Shovelheads after the Sun Rises
By Denny Ransom
If you're anything like I once was you've probably seen a picture or two of someone holding up a big monster flathead and thought, "MAN! I gotta get me one of those!" That inspired dream was quickly crushed once you started doing a little research and found out you'd have to spend countless sleepless nights on the river waiting to finally hook up.
Maybe your work or family doesn't afford you the opportunity to go sit in the dark and fish all night. Maybe your night vision stinks and you just don't feel safe. Or maybe, you are just a normal human being who likes to spend your nights sleeping in the comfort of your bed.
No matter, I'm here with some good news for you. Despite what you may have heard, it is possible to keep up on your sleep and still catch flathead catfish. It's true. You can catch them during the day. In some ways it's actually easier.
The first thing you have to do is dismiss the idea that flatheads sleep all day and spend all night out on some feeding frenzy. That model works just fine to help establish some successful nightfishing patterns, but to see it as a complete representation of their behavior would be a mistake. Thinking like that would likely ruin your confidence about catching daytime fish. The real truth is that these catfish eat whenever they want to, and that includes daytime meals.
There are some general differences in their daytime behavior though. These differences are important to consider in order to guide your approach.
Active fish at night might travel large distances from their home base, hitting major feeding spots. An active fish during the day is more likely to patrol a small zone around it's current home. A neutral fish may or may not be tight to their lair at night, but in the daytime they are typically holding in the prime spot on it. Additionally, while they may not be willing to go far to chase a meal, they can still be tempted, or at the very least provoked, by something that's put right in front of them. Finally, for whatever reason, they just don't seem to be nearly as spooky during the day as they're known for being at night.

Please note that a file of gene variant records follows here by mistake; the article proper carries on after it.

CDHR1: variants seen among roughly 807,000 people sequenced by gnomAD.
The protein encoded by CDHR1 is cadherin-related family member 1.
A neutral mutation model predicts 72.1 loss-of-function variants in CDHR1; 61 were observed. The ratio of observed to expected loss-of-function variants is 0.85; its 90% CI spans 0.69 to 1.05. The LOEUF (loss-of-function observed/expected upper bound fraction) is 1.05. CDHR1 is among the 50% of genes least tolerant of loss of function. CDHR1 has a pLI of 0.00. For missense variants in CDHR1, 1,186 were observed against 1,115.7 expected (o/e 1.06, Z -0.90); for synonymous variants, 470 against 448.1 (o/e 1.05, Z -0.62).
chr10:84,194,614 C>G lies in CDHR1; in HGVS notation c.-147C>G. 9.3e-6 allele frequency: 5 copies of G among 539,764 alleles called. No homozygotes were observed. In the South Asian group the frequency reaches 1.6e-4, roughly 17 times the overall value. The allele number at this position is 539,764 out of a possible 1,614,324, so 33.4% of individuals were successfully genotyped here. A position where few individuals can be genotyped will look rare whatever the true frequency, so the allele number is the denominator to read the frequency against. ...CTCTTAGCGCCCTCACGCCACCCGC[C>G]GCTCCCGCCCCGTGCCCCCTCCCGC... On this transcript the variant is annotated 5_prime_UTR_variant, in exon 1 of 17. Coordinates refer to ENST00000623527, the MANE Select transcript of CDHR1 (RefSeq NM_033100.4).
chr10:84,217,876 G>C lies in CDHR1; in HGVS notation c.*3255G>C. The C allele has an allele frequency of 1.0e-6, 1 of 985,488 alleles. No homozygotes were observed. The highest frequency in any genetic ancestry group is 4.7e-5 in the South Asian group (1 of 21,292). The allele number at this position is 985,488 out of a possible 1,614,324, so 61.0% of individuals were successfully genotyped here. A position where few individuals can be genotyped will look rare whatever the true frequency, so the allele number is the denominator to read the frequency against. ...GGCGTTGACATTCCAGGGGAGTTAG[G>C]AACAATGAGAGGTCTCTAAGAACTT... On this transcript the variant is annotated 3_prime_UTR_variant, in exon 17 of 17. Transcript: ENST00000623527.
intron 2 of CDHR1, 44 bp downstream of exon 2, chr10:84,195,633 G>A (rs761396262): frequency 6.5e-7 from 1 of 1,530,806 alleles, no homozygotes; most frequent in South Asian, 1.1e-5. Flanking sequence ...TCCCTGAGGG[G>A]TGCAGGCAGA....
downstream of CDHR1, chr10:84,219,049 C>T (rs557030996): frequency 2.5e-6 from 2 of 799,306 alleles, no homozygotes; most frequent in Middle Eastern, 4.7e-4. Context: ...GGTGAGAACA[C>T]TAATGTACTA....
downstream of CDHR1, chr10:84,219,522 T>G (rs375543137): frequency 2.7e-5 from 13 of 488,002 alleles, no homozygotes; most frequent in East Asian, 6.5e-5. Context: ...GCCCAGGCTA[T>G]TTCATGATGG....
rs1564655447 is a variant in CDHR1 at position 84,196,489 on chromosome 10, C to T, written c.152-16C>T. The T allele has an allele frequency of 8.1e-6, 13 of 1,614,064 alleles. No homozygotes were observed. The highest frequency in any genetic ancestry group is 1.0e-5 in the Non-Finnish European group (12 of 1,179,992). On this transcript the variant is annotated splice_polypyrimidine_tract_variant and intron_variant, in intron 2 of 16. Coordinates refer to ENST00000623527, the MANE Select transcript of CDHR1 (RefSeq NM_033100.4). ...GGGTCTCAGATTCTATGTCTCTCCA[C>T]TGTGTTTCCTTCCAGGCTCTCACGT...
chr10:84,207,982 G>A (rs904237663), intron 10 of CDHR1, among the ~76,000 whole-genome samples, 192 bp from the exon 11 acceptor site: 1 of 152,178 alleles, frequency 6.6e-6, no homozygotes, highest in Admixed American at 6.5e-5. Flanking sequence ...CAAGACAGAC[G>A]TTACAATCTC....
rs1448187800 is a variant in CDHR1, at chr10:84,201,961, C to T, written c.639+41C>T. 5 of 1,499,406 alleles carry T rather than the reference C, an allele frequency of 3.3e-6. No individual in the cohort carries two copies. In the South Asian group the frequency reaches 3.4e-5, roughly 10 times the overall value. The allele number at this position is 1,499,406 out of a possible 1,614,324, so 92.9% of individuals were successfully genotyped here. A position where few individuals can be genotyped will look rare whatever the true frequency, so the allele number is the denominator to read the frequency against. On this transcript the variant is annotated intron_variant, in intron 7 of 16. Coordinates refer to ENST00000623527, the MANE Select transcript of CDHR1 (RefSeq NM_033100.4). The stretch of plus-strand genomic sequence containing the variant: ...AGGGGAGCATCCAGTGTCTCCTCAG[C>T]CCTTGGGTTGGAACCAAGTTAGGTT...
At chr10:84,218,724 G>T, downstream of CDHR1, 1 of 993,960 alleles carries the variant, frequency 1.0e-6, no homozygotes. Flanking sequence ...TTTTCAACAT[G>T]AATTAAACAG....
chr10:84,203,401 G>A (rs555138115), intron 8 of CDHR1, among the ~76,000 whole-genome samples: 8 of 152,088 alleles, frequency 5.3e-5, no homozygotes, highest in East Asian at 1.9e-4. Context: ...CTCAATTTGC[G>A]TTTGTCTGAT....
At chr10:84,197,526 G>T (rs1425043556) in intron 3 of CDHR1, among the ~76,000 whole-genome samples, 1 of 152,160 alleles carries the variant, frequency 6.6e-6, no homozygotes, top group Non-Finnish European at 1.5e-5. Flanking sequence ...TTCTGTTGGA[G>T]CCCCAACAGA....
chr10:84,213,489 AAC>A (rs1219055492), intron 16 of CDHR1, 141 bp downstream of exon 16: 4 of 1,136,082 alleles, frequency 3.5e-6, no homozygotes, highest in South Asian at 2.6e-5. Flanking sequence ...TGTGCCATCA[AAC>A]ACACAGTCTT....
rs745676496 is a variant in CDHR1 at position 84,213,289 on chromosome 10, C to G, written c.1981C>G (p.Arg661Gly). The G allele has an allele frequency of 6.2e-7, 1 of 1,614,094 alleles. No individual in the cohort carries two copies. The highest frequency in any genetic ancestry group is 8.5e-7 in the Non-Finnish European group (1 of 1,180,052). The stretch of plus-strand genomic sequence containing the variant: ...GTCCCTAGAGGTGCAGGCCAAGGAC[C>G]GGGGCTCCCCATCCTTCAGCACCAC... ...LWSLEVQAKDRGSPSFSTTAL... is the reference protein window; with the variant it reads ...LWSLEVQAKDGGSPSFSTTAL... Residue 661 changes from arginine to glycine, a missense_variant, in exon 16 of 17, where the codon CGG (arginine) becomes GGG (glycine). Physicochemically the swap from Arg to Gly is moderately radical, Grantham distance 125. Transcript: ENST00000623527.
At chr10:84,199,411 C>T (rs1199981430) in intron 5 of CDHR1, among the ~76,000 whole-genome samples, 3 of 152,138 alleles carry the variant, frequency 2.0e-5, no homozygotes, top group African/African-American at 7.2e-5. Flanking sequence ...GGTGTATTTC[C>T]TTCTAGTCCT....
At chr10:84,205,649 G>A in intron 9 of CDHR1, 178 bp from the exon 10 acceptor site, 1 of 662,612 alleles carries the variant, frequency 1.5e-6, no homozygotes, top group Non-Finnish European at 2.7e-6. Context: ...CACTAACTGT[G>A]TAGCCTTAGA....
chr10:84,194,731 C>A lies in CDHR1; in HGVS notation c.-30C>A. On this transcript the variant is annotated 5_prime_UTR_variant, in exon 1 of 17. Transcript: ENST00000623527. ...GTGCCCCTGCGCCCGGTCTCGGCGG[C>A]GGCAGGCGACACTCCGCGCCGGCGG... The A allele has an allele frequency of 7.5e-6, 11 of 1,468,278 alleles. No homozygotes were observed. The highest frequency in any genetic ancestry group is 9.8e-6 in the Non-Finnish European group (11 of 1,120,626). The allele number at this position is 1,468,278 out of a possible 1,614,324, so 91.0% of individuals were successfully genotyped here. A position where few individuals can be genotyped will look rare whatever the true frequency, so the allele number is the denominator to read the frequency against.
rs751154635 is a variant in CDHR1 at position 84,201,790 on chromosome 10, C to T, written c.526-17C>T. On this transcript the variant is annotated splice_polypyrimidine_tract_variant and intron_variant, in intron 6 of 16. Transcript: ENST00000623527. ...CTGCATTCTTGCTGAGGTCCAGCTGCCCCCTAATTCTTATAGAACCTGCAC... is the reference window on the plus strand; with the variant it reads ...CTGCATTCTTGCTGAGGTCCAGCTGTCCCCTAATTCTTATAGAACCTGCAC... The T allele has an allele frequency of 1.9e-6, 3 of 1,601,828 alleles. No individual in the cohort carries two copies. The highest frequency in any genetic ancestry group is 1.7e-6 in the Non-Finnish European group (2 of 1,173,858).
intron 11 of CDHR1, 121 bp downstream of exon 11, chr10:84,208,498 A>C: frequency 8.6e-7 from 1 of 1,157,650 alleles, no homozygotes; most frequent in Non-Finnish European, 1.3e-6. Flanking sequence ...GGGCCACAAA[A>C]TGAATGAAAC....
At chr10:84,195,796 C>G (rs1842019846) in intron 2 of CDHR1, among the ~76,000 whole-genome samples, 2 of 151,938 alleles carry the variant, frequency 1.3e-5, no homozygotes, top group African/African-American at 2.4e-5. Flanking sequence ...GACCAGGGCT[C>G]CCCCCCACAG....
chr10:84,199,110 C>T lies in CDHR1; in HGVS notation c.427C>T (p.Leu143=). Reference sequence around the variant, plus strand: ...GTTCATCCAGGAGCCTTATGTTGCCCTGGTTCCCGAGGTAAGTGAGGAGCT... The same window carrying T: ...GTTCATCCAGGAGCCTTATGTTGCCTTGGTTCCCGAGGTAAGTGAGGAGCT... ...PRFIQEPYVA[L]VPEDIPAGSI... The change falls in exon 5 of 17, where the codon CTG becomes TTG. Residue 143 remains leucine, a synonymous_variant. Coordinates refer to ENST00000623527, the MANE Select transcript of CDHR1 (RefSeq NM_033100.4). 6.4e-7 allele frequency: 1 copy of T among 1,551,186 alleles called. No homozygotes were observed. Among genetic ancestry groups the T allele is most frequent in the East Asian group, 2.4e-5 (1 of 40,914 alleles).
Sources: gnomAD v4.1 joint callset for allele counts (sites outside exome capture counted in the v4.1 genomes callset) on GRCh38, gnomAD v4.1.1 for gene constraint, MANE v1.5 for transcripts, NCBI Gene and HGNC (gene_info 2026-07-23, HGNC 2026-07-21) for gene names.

Keeping these things in mind, we can put together a pretty solid strategy for daytime flathead fishing. The key difference between the day and night fishing is in the mentality of the approach. At night the standard method is to position baits along their migration routes to try and intercept them during their forays, like setting traps. During the day, the mindset is hunting, and the game-plan is to go after them on their home turf.
Seek out isolated holes with good cover and structure nearby and you're off to a good start. Look for any active fish first by targeting current seams and structure elements that patrolling fish will move along. You'll get bit in pretty short order if there's a hungry fish moving around. If this doesn't produce, then move in and start looking for those neutral fish.
This is where a small craft like a kayak can really shine. Between the stealthy nature of a yak and the relatively non-spooky disposition of the daytime fish, you can literally get right on top of them without shutting them down. I like to nestle in tight to big log jams and fish vertically, dropping live or cut bait straight down and keeping it just off the bottom. I'll feel my way around the bottom looking for ledges or underwater cover objects where I can hold my bait in position for a few minutes at a time. There's nothing more exciting that hooking up with a big fish next to a logjam on a short line. It's combat style fishing.
Not every hole will produce during every time of the season or during all the various river stages, so do your scouting. Find a variety of spots and fish them often. Over time you'll come to learn which ones to fish under which conditions.
So get your gear in order, wait for your next day off, and go after 'em! Until then... get some shut-eye and keep those big-cat dreams alive.